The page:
Resolve business disputes here
Independent Senator Sir Trevor Carmichael wants a centre established here to provide alternative dispute resolution services to the commercial and international community.
Speaking today on the Companies (Amendment) Bill 2016, Sir Trevor said an international commercial arbitration centre had the potential to generate employment for Barbadians and now was the time to establish one here.
A pioneer in the International Financial Services Sector in Barbados, the Independent Senator said the idea was not new and that it had been on the table since the 1990s.
Sir Trevor said the framework had been laid with the enactment of legislation to facilitate its establishment.
“It is something that has received full bipartisan support. Barbados as an international commercial arbitration centre has huge potential. Within this construct alone we have a very honoured International Arbitration Act, which is better than anything else anywhere in the Caribbean.
“I remembered in the 1990s people were very receptive to the idea. We had very serious efforts also in terms of engaging with one of the largest arbitration institutions and then the present administration also engaged with another large arbitration institution,” Sir Trevor told fellow senators.
However, he advised against paying the International Criminal Court or any other international agency to set up the arbitration centre here, arguing this would wrest control away from Barbados.
Sir Trevor indicated that he and some of his colleagues were involved in fresh efforts to begin the alternative dispute resolution service, with support from Government, the private sector and the Chamber of Commerce.
“ I can say now we are right at the cusp of doing something. We have incorporated the company; we have engaged with the judiciary; we have engaged every actor that has relevance and we are now about to sponsor a training course for arbitrators at the end of next month in the Bahamas which already has a commercial arbitration centre,” Sir Trevor said.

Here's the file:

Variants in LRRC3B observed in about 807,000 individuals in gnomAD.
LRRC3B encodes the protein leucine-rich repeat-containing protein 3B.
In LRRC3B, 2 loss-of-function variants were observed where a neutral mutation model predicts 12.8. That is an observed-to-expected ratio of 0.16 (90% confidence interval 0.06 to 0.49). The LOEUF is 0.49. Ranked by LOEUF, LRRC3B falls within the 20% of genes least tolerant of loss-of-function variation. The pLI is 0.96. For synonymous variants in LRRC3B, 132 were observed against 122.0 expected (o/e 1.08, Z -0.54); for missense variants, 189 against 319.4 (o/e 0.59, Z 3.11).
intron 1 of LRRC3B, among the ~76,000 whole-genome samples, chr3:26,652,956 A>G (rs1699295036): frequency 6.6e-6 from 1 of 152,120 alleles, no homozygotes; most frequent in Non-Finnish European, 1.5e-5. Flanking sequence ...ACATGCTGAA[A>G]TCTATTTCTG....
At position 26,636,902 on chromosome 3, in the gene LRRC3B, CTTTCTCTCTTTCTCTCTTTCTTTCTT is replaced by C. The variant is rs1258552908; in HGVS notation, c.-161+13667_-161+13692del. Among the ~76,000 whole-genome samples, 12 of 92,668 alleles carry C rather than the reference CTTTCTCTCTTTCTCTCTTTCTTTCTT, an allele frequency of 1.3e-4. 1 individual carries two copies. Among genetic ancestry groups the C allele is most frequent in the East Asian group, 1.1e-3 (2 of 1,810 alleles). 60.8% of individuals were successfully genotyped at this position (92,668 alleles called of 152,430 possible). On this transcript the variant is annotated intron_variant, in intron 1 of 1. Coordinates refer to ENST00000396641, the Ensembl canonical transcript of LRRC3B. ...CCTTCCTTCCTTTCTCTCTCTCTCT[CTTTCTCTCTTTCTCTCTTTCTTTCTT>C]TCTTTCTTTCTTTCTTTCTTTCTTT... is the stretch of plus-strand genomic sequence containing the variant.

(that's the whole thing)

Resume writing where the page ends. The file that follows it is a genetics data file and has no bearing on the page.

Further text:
He disclosed that a principal of a merchant bank domiciled in Barbados had assisted by providing “that financial bridge” to make the project possible.
“It shows that if a merchant bank has shown that confidence in what we are doing, then they have recognized the benefits of having an arbitration center here in Barbados.
“Barbados is a holistic jurisdiction; it is a double taxation jurisdiction and it is a jurisdiction which thrives on total integration of its international business with its other sectors. In that respect it is not what I call a poaching jurisdiction. We are not looking at other jurisdictions to get two companies to come here,” Sir Trevor explained.
He received support from Government Senator Jeptor Ince, who stressed the importance of arbitration for incorporated cell companies.
A champion of ICCs, Ince said these companies sometimes encountered legal challenges while seeking to diversify their operations.
And he told the Upper Chamber that an arbitration centre here would settle such disputes.
“So I am saying that we should move with haste and have that centre up and running. We have the potential to earn millions of dollars in additional revenue by having these disputes settled here whether they be in commodities, whether in oil, whether it is a dispute in equities or whether it is a dispute in professional services,” Ince explained.
He added that the amendment to the Companies Act would add another product to the International Business and Financial Services Sector and facilitate international business.
“We are going to create another avenue for international business persons and we are also going to create a conduit for more of our business persons now to be trained in other skill sets. We have the potential of increasing employment with this amendment,” Ince stated.